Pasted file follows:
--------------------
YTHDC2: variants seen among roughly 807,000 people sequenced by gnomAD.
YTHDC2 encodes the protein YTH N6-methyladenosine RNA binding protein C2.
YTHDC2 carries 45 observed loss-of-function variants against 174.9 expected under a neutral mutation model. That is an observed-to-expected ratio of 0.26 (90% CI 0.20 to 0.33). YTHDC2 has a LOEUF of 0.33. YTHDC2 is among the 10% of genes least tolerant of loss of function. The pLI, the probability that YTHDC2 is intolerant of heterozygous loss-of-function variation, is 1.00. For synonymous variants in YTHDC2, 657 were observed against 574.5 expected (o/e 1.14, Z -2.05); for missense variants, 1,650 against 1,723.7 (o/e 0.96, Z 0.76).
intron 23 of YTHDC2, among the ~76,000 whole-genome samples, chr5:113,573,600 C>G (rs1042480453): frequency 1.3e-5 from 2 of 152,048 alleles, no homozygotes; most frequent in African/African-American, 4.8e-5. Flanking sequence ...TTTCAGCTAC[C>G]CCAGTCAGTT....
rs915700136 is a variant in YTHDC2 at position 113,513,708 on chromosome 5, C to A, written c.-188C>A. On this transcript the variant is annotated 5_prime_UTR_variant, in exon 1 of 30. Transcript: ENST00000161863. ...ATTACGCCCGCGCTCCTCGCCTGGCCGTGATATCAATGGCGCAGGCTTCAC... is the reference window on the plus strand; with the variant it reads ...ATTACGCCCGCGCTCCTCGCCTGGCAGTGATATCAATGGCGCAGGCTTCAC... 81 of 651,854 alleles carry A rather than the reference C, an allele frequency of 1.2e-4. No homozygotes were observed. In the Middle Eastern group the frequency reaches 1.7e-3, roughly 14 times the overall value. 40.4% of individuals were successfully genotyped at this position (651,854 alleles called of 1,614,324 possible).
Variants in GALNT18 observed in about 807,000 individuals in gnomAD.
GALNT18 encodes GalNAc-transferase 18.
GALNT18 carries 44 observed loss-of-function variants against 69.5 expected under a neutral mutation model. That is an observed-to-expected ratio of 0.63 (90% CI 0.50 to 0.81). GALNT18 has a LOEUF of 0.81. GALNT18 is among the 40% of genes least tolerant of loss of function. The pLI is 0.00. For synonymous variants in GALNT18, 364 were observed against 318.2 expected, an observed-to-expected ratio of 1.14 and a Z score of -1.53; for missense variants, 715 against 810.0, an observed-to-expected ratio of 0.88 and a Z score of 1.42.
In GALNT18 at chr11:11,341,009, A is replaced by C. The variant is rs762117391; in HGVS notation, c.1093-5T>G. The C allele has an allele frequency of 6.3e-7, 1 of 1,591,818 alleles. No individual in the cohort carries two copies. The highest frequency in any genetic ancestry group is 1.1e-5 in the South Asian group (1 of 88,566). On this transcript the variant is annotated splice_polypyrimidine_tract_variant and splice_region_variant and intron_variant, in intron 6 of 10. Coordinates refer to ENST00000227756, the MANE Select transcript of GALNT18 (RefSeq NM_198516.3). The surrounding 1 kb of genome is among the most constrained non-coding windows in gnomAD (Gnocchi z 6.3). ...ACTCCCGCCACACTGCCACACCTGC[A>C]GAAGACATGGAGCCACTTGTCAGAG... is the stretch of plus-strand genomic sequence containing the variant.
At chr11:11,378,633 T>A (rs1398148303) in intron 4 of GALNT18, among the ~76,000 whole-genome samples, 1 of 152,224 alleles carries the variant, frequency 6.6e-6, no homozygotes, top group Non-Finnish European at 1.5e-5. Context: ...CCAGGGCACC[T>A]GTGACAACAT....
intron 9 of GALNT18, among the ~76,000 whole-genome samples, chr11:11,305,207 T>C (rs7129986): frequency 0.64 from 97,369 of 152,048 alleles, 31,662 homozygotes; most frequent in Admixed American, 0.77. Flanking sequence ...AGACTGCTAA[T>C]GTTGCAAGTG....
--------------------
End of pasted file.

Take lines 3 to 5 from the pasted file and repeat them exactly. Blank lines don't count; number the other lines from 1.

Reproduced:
YTHDC2 carries 45 observed loss-of-function variants against 174.9 expected under a neutral mutation model. That is an observed-to-expected ratio of 0.26 (90% CI 0.20 to 0.33). YTHDC2 has a LOEUF of 0.33. YTHDC2 is among the 10% of genes least tolerant of loss of function. The pLI, the probability that YTHDC2 is intolerant of heterozygous loss-of-function variation, is 1.00. For synonymous variants in YTHDC2, 657 were observed against 574.5 expected (o/e 1.14, Z -2.05); for missense variants, 1,650 against 1,723.7 (o/e 0.96, Z 0.76).
intron 23 of YTHDC2, among the ~76,000 whole-genome samples, chr5:113,573,600 C>G (rs1042480453): frequency 1.3e-5 from 2 of 152,048 alleles, no homozygotes; most frequent in African/African-American, 4.8e-5. Flanking sequence ...TTTCAGCTAC[C>G]CCAGTCAGTT....
rs915700136 is a variant in YTHDC2 at position 113,513,708 on chromosome 5, C to A, written c.-188C>A. On this transcript the variant is annotated 5_prime_UTR_variant, in exon 1 of 30. Transcript: ENST00000161863. ...ATTACGCCCGCGCTCCTCGCCTGGCCGTGATATCAATGGCGCAGGCTTCAC... is the reference window on the plus strand; with the variant it reads ...ATTACGCCCGCGCTCCTCGCCTGGCAGTGATATCAATGGCGCAGGCTTCAC... 81 of 651,854 alleles carry A rather than the reference C, an allele frequency of 1.2e-4. No homozygotes were observed. In the Middle Eastern group the frequency reaches 1.7e-3, roughly 14 times the overall value. 40.4% of individuals were successfully genotyped at this position (651,854 alleles called of 1,614,324 possible).